I want to run multiple shell processes, but when I try to run more than 63, they hang. When I reduce max_threads in the thread pool to n, it hangs after running the nth shell command.

As you can see in the code below, the problem is not in start blocks per se, but in start blocks that contain the shell command:

#!/bin/env perl6
my $*SCHEDULER = ThreadPoolScheduler.new( max_threads => 2 );

my @processes;

# The Promises generated by this loop work as expected when awaited
for @*ARGS -> $item {
        start { say "Planning on processing $item" }

# The nth Promise generated by the following loop hangs when awaited (where n = max_thread)
for @*ARGS -> $item {
        start { shell "echo 'processing $item'" }

Running ./process_items foo bar baz gives the following output, hanging after processing bar, which is just after the nth (here 2nd) thread has run using shell:

Planning on processing foo
Planning on processing bar
Planning on processing baz
processing foo
processing bar

What am I doing wrong? Or is this a bug?

Perl 6 distributions tested on CentOS 7:
  Rakudo Star 2018.06
  Rakudo Star 2018.10
  Rakudo Star 2019.03-RC2
  Rakudo Star 2019.03

With Rakudo Star 2019.03-RC2, use v6.c versus use v6.d did not make any difference.

  • Starting a loop block start {say "Starting $item"; loop (my $i=0; $i<100000; $i++) {state $a++;} } runs up to the maximum number of threads in the pool. If there are more jobs than threads, the remainder wait for a free thread and then execute, as expected. For my two cents worth, your question highlights a bug. – drclaw Mar 24 at 8:18
  • 1
    @drclaw Thanks! I've updated my question to try to highlight the difference between when it works (as you demonstrate) and when it seems "buggy". – Christopher Bottoms Mar 25 at 14:11

The shell and run subs use Proc, which is implemented in terms of Proc::Async. This uses the thread pool internally. By filling up the pool with blocking calls to shell, the thread pool becomes exhausted, and so cannot process events, resulting in the hang.

It would be far better to use Proc::Async directly for this task. The approach with using shell and a load of real threads won't scale well; every OS thread has memory overhead, GC overhead, and so forth. Since spawning a bunch of child processes is not CPU-bound, this is rather wasteful; in reality, just one or two real threads are needed. So, in this case, perhaps the implementation pushing back on you when doing something inefficient isn't the worst thing.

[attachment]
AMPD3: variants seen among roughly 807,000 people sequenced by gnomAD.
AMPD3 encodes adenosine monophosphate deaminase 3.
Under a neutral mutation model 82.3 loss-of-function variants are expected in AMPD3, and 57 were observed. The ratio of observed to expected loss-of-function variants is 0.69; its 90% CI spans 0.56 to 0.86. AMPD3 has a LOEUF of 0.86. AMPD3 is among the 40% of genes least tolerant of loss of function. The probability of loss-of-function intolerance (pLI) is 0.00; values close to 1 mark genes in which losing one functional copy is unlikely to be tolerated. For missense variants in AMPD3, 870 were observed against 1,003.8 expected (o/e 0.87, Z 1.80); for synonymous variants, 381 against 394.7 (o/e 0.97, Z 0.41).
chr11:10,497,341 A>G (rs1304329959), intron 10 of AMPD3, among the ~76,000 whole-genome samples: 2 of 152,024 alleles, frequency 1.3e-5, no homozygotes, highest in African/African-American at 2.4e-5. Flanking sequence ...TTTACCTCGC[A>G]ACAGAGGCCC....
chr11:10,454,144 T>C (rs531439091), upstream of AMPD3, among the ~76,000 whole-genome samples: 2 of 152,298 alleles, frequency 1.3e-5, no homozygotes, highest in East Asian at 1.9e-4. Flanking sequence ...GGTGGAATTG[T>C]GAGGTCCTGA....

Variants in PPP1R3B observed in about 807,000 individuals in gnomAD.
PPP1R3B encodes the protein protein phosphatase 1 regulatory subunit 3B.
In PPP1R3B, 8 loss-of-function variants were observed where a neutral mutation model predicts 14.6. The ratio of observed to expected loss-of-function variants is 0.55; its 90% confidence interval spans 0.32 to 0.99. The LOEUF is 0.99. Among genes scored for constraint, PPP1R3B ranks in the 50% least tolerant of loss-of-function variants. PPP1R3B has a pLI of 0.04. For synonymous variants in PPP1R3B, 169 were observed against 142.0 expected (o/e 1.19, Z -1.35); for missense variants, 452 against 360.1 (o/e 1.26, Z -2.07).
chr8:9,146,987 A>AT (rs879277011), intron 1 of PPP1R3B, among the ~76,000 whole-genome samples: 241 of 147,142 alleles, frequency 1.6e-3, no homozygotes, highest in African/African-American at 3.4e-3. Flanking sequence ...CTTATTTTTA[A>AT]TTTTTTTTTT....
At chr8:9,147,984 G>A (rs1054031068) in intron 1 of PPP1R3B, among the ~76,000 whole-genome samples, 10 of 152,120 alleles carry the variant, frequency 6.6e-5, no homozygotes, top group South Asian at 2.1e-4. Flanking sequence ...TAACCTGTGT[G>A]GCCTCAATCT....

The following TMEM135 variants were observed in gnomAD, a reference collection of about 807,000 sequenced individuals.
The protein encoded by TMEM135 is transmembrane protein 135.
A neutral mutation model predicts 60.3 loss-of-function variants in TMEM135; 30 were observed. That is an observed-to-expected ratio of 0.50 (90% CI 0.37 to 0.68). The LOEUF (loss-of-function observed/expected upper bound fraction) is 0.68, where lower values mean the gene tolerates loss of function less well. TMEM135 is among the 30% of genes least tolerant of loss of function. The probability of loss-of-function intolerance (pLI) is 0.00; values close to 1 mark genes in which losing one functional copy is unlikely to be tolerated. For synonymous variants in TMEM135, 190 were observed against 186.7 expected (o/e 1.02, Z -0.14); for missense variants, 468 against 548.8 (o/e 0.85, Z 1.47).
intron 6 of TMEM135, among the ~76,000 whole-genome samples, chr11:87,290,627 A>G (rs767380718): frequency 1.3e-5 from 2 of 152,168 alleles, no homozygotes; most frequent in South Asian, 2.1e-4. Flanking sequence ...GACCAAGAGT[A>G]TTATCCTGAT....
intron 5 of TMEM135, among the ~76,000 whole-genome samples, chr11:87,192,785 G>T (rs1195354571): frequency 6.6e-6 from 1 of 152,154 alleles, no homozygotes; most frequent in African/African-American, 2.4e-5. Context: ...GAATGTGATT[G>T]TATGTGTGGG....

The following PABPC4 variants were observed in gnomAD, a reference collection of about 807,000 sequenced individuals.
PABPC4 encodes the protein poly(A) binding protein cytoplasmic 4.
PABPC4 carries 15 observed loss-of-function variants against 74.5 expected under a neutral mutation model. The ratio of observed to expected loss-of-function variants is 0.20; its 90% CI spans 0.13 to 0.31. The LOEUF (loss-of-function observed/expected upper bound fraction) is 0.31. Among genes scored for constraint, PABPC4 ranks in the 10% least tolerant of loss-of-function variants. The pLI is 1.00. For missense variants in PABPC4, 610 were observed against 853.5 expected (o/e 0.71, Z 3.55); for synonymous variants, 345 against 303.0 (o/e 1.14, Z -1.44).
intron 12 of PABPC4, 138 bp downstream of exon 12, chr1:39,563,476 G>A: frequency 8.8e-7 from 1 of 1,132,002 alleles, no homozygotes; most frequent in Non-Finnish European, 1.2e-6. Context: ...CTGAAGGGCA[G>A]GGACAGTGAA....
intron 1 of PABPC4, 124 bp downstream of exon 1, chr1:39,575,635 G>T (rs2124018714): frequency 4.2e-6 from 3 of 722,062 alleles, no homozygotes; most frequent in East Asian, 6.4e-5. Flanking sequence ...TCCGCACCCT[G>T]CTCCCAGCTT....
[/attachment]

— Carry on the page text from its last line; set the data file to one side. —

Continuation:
I notice that one of the reasons for using shell and the thread pool is to try and limit the number of concurrent processes. But this isn't a very reliable way to do it; just because the current thread pool implementation sets a default maximum of 64 threads does not mean it always will do so.

Here's an example of a parallel test runner that runs up to 4 processes at once, collects their output, and envelopes it. It's a little more than you perhaps need, but it nicely illustrates the shape of the overall solution:

my $degree = 4;
my @tests = dir('t').grep(/\.t$/);
react {
    sub run-one {
        my $test = @tests.shift // return;
        my $proc = Proc::Async.new('perl6', '-Ilib', $test);
        my @output = "FILE: $test";
        whenever $proc.stdout.lines {
            push @output, "OUT: $_";
        whenever $proc.stderr.lines {
            push @output, "ERR: $_";
        my $finished = $proc.start;
        whenever $finished {
            push @output, "EXIT: {.exitcode}";
            say @output.join("\n");
    run-one for 1..$degree;

The key thing here is the call to run-one when a process ends, which means that you always replace an exited process with a new one, maintaining - so long as there are things to do - up to 4 processes running at a time. The react block naturally ends when all processes have completed, due to the fact that the number of events subscribed to drops to zero.

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